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FairfaxEducationCommunity-college grads lauded for success in challenging times

Community-college grads lauded for success in challenging times

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“Boundless horizons” await the newly minted graduates of Northen Virginia Community College, the institution’s president told them during May 15 ceremonies at EagleBank Arena on the campus of George Mason University.

“Your commitment to your goals to getting here today has been unwavering,” Anne Kress said as degrees and certificates were awarded at Virginia’s largest public institution of higher education. The president urged the “amazing, inspiring, bold and brilliant” class to remember that while rights and privileges came with a college degree, so did responsibilities.

It was the 56th commencement exercise for the college, beginning after a 14-minute processional of students, who were greeted by thousands of well-wishers.

NVCC (or NOVA, as it alternately is known) is “the college businesses look to for building the future workforce,” said Zuzana Steen, who chairs the college’s governing body.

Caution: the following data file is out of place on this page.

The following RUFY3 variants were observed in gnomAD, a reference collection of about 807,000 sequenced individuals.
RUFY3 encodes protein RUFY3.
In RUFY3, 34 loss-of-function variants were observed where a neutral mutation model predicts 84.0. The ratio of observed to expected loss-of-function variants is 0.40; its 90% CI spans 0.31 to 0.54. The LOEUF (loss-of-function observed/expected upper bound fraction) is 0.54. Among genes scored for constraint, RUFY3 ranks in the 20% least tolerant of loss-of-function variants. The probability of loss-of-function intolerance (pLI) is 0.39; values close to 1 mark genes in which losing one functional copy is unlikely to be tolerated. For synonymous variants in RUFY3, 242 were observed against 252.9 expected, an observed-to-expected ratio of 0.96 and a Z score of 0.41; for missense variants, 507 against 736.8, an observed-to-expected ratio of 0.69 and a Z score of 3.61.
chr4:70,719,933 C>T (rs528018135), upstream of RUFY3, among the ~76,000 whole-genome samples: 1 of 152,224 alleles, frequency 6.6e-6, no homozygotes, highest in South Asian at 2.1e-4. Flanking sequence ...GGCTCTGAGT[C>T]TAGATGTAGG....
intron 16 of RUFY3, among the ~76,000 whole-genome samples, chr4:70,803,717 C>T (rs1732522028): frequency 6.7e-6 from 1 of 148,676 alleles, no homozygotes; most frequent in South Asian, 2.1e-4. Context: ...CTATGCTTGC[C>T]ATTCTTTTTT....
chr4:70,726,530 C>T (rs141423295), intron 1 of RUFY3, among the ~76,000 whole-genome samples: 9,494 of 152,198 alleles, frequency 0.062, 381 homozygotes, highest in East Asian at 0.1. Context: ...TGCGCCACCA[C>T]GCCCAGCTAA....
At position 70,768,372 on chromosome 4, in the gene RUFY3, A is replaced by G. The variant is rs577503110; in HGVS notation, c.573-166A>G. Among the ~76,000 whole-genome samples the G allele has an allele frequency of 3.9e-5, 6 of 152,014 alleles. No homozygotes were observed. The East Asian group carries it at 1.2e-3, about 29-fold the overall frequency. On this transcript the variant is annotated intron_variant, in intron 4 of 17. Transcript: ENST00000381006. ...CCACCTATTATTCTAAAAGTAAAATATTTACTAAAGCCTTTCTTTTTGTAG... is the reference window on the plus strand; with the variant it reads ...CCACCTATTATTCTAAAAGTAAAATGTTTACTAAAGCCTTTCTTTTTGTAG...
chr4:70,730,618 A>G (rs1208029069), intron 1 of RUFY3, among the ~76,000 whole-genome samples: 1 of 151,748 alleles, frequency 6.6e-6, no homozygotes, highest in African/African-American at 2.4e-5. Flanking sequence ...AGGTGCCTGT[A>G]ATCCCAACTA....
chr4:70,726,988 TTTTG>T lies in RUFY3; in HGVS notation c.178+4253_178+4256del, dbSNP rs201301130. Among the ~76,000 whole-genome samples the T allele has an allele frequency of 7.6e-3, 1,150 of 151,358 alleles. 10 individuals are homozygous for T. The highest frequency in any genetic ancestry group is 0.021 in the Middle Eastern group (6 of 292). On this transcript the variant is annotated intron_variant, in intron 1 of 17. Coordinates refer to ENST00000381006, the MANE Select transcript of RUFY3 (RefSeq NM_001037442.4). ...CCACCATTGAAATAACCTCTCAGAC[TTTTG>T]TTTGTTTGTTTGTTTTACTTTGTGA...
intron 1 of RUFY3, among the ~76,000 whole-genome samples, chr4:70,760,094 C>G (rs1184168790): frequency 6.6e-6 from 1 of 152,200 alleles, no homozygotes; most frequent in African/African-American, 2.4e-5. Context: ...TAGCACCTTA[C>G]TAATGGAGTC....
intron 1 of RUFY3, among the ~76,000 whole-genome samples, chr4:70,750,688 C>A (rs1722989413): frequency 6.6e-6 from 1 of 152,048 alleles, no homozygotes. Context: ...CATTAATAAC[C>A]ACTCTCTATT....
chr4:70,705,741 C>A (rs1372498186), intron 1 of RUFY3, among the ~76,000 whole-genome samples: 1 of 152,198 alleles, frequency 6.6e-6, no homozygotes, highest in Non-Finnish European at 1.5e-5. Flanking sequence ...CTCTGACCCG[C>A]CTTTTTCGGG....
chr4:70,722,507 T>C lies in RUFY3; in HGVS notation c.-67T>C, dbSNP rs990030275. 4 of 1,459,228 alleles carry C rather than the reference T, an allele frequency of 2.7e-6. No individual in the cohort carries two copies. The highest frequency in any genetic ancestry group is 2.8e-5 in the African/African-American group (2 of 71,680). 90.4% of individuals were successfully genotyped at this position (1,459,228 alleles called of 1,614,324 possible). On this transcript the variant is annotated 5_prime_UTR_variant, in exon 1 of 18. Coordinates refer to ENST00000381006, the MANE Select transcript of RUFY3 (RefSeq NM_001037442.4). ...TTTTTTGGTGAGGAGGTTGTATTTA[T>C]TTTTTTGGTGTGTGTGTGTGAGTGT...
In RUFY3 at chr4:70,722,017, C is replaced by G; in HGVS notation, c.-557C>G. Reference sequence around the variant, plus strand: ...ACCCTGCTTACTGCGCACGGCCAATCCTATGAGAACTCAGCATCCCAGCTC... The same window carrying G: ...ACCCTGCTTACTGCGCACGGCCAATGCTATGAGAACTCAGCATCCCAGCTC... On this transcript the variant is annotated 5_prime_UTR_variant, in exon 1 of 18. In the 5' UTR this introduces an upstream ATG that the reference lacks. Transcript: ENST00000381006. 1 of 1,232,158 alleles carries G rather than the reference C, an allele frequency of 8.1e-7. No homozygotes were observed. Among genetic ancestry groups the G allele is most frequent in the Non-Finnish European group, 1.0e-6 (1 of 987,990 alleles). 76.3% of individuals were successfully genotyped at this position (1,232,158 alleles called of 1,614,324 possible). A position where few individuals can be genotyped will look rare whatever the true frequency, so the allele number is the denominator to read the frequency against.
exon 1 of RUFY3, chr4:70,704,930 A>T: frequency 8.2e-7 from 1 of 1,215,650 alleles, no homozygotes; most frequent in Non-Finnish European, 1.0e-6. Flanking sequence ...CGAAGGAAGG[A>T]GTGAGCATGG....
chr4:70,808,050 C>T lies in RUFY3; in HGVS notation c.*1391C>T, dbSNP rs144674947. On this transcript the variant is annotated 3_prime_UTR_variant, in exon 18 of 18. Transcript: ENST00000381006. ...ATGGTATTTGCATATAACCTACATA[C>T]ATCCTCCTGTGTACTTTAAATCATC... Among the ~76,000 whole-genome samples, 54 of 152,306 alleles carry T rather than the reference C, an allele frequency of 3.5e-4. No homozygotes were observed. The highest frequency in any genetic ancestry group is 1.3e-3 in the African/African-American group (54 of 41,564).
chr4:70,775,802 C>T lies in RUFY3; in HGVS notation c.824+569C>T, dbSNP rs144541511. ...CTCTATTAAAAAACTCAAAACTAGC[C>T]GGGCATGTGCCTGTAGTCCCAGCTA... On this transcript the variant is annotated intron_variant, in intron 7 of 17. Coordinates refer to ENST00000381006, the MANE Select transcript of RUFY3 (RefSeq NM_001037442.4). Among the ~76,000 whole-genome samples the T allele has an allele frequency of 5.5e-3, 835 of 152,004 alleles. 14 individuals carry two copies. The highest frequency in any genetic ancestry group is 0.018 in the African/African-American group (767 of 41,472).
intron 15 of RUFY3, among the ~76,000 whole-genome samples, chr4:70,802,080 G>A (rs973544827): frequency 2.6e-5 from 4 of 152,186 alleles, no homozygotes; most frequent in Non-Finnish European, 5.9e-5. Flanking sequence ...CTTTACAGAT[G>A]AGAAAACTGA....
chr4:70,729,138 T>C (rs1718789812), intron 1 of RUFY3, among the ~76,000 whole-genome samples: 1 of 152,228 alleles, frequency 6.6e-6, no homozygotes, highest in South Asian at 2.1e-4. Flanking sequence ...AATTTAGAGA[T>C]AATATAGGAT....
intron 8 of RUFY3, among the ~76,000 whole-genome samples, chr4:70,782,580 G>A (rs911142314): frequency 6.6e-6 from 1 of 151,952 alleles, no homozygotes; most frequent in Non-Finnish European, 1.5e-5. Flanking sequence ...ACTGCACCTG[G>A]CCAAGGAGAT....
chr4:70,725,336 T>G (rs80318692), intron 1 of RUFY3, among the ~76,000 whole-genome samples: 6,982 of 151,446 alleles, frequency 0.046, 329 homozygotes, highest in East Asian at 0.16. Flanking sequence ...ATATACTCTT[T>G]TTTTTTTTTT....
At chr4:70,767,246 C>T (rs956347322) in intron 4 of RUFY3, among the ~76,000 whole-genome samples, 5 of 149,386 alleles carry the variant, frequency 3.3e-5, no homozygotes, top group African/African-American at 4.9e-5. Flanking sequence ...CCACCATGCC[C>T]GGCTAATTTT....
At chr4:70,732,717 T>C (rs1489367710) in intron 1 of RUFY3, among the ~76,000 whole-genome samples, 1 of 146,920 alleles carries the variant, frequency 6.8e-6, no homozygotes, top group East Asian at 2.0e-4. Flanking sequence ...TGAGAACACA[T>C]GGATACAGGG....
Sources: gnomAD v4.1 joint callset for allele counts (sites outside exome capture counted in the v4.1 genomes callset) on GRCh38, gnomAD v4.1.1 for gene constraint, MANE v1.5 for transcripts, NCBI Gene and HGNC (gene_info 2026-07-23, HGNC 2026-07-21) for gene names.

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Steen reminded the new graduates that they didn’t get to this moment on their own. “Turn around and applaud your family members and friends,” she requested.

Michelle Brown-Nevers, the college’s vice president for enrollment management and student success, noted the wide array of students represented in the Class of 2022. Among them: first in their family to graduate; those in the military or veterans; those who worked while earning their degrees; and those juggling raising children with their studies.

“Rise and say, ‘I am NOVA,’” she exhorted each group.

Cybersecurity expert Arfa Syed, a graduate of the institution and its 2022 commencement speaker, told students that she and her twin sister had excelled in high school, but there wasn’t money available to immediately pursue college.

“So we waited – for two long years,” she said, before embarking on “a voyage that I dreamed of and had prayed for.”

Taking one or two classes per semester, it sometimes seemed as if a degree was out of reach. “Dreams were delayed, but always pursued,” she noted.

“Hold your head up high; go from here boldly,” she told the new graduates. “Find people willing to take a chance on you, and give them a reason to. You deserve a seat at the table.”

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